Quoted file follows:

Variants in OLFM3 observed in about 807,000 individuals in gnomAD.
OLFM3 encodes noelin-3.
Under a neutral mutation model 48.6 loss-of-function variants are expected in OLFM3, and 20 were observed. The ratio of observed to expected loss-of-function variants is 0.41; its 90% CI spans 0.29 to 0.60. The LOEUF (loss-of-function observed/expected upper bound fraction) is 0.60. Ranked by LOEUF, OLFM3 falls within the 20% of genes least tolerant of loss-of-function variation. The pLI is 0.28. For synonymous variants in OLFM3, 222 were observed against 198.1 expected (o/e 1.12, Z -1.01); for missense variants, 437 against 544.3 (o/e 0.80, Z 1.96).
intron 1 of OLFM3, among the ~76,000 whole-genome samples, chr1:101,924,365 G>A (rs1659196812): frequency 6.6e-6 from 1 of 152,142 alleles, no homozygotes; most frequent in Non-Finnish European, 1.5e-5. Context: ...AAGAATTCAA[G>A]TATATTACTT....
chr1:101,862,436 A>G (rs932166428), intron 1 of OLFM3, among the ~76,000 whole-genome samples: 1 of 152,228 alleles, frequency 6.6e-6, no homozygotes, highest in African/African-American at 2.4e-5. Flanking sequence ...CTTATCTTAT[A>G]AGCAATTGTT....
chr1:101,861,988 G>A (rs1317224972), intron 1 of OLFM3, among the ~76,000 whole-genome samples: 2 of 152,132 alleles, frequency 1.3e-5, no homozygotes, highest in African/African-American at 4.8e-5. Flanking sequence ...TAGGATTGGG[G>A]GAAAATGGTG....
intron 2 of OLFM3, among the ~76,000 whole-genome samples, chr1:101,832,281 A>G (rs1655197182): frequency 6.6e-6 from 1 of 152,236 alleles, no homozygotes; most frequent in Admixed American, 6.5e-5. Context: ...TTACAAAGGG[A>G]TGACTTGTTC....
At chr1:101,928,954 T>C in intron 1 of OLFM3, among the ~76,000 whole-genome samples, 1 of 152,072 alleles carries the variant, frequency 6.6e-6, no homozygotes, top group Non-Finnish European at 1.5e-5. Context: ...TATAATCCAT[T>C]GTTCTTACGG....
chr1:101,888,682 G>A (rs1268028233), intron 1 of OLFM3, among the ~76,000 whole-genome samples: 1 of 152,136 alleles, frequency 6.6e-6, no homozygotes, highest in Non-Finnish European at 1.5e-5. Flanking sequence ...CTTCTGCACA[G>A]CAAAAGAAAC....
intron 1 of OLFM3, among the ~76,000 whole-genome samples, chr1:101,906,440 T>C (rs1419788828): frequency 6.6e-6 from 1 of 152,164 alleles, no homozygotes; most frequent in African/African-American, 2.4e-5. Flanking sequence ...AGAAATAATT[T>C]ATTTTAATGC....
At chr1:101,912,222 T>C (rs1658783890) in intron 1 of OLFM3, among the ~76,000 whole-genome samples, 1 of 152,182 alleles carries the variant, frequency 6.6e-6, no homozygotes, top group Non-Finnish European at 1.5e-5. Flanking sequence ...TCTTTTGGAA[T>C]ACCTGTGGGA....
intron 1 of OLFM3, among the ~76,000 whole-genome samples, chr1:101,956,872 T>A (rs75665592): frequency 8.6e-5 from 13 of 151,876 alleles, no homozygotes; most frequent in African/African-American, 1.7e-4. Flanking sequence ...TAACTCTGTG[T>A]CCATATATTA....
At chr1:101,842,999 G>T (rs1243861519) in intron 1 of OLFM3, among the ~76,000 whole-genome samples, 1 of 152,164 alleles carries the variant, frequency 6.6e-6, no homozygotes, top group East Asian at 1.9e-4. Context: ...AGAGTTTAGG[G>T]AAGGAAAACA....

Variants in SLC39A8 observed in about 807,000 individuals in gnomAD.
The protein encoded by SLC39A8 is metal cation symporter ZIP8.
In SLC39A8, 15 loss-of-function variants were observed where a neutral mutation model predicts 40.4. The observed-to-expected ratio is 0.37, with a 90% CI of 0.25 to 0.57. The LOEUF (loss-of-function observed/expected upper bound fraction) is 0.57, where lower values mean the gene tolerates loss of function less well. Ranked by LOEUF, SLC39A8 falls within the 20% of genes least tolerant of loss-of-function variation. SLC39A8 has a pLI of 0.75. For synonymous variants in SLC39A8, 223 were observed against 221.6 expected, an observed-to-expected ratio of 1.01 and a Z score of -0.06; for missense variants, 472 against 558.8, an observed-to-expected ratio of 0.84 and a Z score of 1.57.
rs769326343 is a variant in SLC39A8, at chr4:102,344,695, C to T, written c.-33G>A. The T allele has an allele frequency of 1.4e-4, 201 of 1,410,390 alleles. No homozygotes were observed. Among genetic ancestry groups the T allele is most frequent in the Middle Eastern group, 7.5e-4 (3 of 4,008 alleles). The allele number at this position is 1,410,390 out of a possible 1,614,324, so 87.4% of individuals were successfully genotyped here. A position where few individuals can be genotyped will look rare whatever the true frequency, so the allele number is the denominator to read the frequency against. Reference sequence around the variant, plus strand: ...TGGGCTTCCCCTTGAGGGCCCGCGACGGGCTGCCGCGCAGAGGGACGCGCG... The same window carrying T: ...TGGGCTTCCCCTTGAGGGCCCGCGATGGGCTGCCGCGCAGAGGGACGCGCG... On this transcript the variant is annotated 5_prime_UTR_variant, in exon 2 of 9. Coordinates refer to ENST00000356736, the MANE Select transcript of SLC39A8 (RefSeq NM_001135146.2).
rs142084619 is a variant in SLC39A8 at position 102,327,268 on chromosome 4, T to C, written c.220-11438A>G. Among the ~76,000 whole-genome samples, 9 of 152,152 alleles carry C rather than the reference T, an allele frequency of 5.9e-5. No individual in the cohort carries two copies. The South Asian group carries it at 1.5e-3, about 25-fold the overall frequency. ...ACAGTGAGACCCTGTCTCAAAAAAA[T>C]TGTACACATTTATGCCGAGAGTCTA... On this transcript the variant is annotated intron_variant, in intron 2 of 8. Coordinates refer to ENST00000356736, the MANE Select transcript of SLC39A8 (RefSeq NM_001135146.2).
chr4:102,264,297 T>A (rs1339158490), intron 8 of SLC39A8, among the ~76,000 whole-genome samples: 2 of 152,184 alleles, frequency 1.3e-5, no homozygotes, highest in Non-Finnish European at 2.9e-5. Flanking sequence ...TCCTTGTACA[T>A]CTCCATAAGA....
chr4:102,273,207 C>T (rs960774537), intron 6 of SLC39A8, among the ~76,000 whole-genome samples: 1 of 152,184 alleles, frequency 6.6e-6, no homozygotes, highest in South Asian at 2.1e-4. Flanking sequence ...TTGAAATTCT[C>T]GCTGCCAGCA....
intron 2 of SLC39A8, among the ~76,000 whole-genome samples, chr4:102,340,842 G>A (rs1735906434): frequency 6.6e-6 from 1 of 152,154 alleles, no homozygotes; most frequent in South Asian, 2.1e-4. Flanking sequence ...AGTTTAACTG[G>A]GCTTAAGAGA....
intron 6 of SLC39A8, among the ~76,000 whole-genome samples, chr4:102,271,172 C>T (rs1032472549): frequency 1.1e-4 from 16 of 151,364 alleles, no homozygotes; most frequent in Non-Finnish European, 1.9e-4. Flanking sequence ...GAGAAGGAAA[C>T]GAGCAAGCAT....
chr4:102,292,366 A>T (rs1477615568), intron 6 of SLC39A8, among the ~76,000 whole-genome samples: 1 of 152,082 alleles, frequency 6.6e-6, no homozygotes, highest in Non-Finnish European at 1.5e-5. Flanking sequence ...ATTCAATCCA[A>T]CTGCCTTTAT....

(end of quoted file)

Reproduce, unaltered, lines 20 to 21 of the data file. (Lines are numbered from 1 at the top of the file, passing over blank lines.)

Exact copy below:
chr4:102,273,207 C>T (rs960774537), intron 6 of SLC39A8, among the ~76,000 whole-genome samples: 1 of 152,184 alleles, frequency 6.6e-6, no homozygotes, highest in South Asian at 2.1e-4. Flanking sequence ...TTGAAATTCT[C>T]GCTGCCAGCA....
intron 2 of SLC39A8, among the ~76,000 whole-genome samples, chr4:102,340,842 G>A (rs1735906434): frequency 6.6e-6 from 1 of 152,154 alleles, no homozygotes; most frequent in South Asian, 2.1e-4. Flanking sequence ...AGTTTAACTG[G>A]GCTTAAGAGA....